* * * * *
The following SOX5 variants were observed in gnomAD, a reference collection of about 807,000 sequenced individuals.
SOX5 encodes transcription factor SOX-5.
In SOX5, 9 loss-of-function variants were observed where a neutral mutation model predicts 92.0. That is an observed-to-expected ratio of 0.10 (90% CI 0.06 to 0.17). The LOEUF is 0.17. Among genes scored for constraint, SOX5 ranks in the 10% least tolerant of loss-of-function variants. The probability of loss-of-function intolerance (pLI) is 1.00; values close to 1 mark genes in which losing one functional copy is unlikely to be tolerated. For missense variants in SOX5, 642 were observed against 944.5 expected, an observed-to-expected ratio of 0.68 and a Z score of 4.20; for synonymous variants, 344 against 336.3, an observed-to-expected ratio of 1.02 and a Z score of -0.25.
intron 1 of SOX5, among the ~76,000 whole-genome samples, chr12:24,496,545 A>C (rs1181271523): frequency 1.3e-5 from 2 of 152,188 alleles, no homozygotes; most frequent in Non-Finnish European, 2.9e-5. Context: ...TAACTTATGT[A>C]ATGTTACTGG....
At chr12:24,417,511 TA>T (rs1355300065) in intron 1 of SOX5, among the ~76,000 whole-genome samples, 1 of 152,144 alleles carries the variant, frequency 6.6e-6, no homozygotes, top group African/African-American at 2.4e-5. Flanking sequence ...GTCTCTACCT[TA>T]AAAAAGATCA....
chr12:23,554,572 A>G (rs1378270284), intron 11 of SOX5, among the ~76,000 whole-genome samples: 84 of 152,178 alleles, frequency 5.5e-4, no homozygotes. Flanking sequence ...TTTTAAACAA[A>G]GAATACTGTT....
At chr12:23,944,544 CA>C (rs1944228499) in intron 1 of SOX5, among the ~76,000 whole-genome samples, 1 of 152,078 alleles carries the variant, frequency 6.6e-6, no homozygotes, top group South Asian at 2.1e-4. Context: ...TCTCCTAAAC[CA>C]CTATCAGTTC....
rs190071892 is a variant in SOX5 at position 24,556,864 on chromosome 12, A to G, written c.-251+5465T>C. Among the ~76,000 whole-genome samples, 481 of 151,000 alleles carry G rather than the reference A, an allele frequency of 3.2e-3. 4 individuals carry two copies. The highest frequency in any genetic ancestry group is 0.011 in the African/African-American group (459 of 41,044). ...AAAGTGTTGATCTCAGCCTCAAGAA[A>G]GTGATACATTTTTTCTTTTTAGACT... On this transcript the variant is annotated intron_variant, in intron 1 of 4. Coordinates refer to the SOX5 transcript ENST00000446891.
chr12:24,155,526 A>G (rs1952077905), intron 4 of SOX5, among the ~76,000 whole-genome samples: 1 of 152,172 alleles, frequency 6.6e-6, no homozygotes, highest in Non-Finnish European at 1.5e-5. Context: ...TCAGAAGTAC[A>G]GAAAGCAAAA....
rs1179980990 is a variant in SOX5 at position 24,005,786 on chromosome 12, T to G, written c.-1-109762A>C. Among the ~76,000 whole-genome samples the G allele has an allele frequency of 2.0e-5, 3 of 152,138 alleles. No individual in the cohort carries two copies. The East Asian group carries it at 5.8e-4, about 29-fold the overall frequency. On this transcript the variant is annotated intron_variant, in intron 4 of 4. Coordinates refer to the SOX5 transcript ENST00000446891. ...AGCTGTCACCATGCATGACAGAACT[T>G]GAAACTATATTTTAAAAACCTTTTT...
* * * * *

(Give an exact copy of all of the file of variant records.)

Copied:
The following SOX5 variants were observed in gnomAD, a reference collection of about 807,000 sequenced individuals.
SOX5 encodes transcription factor SOX-5.
In SOX5, 9 loss-of-function variants were observed where a neutral mutation model predicts 92.0. That is an observed-to-expected ratio of 0.10 (90% CI 0.06 to 0.17). The LOEUF is 0.17. Among genes scored for constraint, SOX5 ranks in the 10% least tolerant of loss-of-function variants. The probability of loss-of-function intolerance (pLI) is 1.00; values close to 1 mark genes in which losing one functional copy is unlikely to be tolerated. For missense variants in SOX5, 642 were observed against 944.5 expected, an observed-to-expected ratio of 0.68 and a Z score of 4.20; for synonymous variants, 344 against 336.3, an observed-to-expected ratio of 1.02 and a Z score of -0.25.
intron 1 of SOX5, among the ~76,000 whole-genome samples, chr12:24,496,545 A>C (rs1181271523): frequency 1.3e-5 from 2 of 152,188 alleles, no homozygotes; most frequent in Non-Finnish European, 2.9e-5. Context: ...TAACTTATGT[A>C]ATGTTACTGG....
At chr12:24,417,511 TA>T (rs1355300065) in intron 1 of SOX5, among the ~76,000 whole-genome samples, 1 of 152,144 alleles carries the variant, frequency 6.6e-6, no homozygotes, top group African/African-American at 2.4e-5. Flanking sequence ...GTCTCTACCT[TA>T]AAAAAGATCA....
chr12:23,554,572 A>G (rs1378270284), intron 11 of SOX5, among the ~76,000 whole-genome samples: 84 of 152,178 alleles, frequency 5.5e-4, no homozygotes. Flanking sequence ...TTTTAAACAA[A>G]GAATACTGTT....
At chr12:23,944,544 CA>C (rs1944228499) in intron 1 of SOX5, among the ~76,000 whole-genome samples, 1 of 152,078 alleles carries the variant, frequency 6.6e-6, no homozygotes, top group South Asian at 2.1e-4. Context: ...TCTCCTAAAC[CA>C]CTATCAGTTC....
rs190071892 is a variant in SOX5 at position 24,556,864 on chromosome 12, A to G, written c.-251+5465T>C. Among the ~76,000 whole-genome samples, 481 of 151,000 alleles carry G rather than the reference A, an allele frequency of 3.2e-3. 4 individuals carry two copies. The highest frequency in any genetic ancestry group is 0.011 in the African/African-American group (459 of 41,044). ...AAAGTGTTGATCTCAGCCTCAAGAA[A>G]GTGATACATTTTTTCTTTTTAGACT... On this transcript the variant is annotated intron_variant, in intron 1 of 4. Coordinates refer to the SOX5 transcript ENST00000446891.
chr12:24,155,526 A>G (rs1952077905), intron 4 of SOX5, among the ~76,000 whole-genome samples: 1 of 152,172 alleles, frequency 6.6e-6, no homozygotes, highest in Non-Finnish European at 1.5e-5. Context: ...TCAGAAGTAC[A>G]GAAAGCAAAA....
rs1179980990 is a variant in SOX5 at position 24,005,786 on chromosome 12, T to G, written c.-1-109762A>C. Among the ~76,000 whole-genome samples the G allele has an allele frequency of 2.0e-5, 3 of 152,138 alleles. No individual in the cohort carries two copies. The East Asian group carries it at 5.8e-4, about 29-fold the overall frequency. On this transcript the variant is annotated intron_variant, in intron 4 of 4. Coordinates refer to the SOX5 transcript ENST00000446891. ...AGCTGTCACCATGCATGACAGAACT[T>G]GAAACTATATTTTAAAAACCTTTTT...